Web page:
Newly Published
Critical Care Medicine  |   November 2017
A Comparison of Red Cell Rejuvenation versus Mechanical Washing for the Prevention of Transfusion-Associated Organ Injury in Swine
Author Notes
  • From the Department of Cardiovascular Sciences and NIHR Biomedical Research Centre, University of Leicester, Glenfield Hospital, Leicester LE3 9QP, United Kingdom (M.J.W., S.Q., N.S., W.D., M.N., T.K., A.H.G., G.J.M.); National Health Service Blood and Transplant, Cambridge CB2 0PT, United Kingdom (R.C., M.W.); and National Heart and Lung Institute, Imperial College London, London W12 0NN, United Kingdom (N.N.P.).
  • Submitted for publication December 26, 2016. Accepted for publication October 2, 2017.
    Submitted for publication December 26, 2016. Accepted for publication October 2, 2017.×
  • Acknowledgments: The authors thank Alan Gray, Ph.D., and Matt Landrigan, Ph.D., (Zimmer Biomet, USA) for providing the Rejuvesol solution free of charge for these experiments.
    Acknowledgments: The authors thank Alan Gray, Ph.D., and Matt Landrigan, Ph.D., (Zimmer Biomet, USA) for providing the Rejuvesol solution free of charge for these experiments.×
  • Research Support: Supported by the British Heart Foundation grant Nos. RG/13/6/29947, CH/12/1/29419, and PG/11/95/29173.
    Research Support: Supported by the British Heart Foundation grant Nos. RG/13/6/29947, CH/12/1/29419, and PG/11/95/29173.×
  • Competing Interests: Professor Murphy; Drs. Woźniak, Cardigan, and Wiltshire; and Tracy Kumar declare that they have received grant funding for a randomized trial of inosine solution treated allogeneic red cells in cardiac surgery patients from Zimmer Biomet, the manufacturer of the inosine solution. The trial will be sponsored by the University of Leicester. The results of the current study have not been influenced by and this report has not been assisted in any way by any representative or employee of Zimmer Biomet. The other authors declare no competing interests.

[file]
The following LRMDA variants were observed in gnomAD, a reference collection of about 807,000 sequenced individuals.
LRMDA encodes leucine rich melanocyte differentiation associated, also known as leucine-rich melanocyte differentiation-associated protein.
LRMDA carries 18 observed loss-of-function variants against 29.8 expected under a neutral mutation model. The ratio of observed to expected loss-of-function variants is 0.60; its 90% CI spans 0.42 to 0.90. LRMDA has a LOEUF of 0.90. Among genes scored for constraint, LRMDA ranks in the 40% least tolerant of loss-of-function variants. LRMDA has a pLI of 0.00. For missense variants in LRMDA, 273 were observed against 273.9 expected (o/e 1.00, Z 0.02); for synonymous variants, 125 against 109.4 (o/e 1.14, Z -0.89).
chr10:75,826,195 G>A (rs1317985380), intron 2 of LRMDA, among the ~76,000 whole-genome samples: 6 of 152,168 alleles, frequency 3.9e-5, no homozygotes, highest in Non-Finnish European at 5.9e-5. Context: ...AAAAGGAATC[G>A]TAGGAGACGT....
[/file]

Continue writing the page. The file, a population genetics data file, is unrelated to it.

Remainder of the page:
Competing Interests: Professor Murphy; Drs. Woźniak, Cardigan, and Wiltshire; and Tracy Kumar declare that they have received grant funding for a randomized trial of inosine solution treated allogeneic red cells in cardiac surgery patients from Zimmer Biomet, the manufacturer of the inosine solution. The trial will be sponsored by the University of Leicester. The results of the current study have not been influenced by and this report has not been assisted in any way by any representative or employee of Zimmer Biomet. The other authors declare no competing interests.×
  • Correspondence: Address correspondence to Dr. Woźniak: Department of Cardiovascular Sciences, University of Leicester, Clinical Sciences Wing, Glenfield General Hospital, Leicester LE3 9QP, United Kingdom. mw299@le.ac.uk. Information on purchasing reprints may be found at www.anesthesiology.org or on the masthead page at the beginning of this issue. Anesthesiology’s articles are made freely accessible to all readers, for personal use only, 6 months from the cover date of the issue.
Article Information
Critical Care Medicine / Coagulation and Transfusion / Critical Care
Critical Care Medicine   |   November 2017
A Comparison of Red Cell Rejuvenation versus Mechanical Washing for the Prevention of Transfusion-Associated Organ Injury in Swine
Anesthesiology Newly Published on November 16, 2017. doi:10.1097/ALN.0000000000001973
Anesthesiology Newly Published on November 16, 2017. doi:10.1097/ALN.0000000000001973
Abstract

Background: We evaluated the effects of two interventions that modify the red cell storage lesion on kidney and lung injury in experimental models of transfusion.

Methods: White–landrace pigs (n = 32) were allocated to receive sham transfusion (crystalloid), 14-day stored allogeneic red cells, 14-day red cells washed using the red cells washing/salvage system (CATS; Fresenius, Germany), or 14-day red cells rejuvenated using the inosine solution (Rejuvesol solution; Zimmer Biomet, USA) and washed using the CATS device. Functional, biochemical, and histologic markers of organ injury were assessed for up to 24 h posttransfusion.

Results: Transfusion of 14 day red cells resulted in lung injury (lung injury score vs. sham, mean difference −0.3 (95% CIs −0.6, −0.1; P = 0.02), pulmonary endothelial dysfunction, and tissue leukocyte sequestration. Mechanical washing reduced red cell–derived microvesicles but increased cell-free hemoglobin in 14-day red cell units. Transfusion of washed red cells reduced leukocyte sequestration but did not reduce the lung injury score (mean difference −0.2; 95% CI −0.5, 0.1; P = 0.19) relative to 14-day cells. Transfusion of washed red cells also increased endothelial activation and kidney injury. Rejuvenation restored adenosine triphosphate to that of fresh red cells and reduced microvesicle concentrations without increasing cell-free hemoglobin release. Transfusion of rejuvenated red cells reduced plasma cell-free hemoglobin, leukocyte sequestration, and endothelial dysfunction in recipients and reduced lung and kidney injury relative to 14-day or washed 14-day cells.

Conclusions: Reversal of the red cell storage lesion by rejuvenation reduces transfusion-associated organ injury in swine.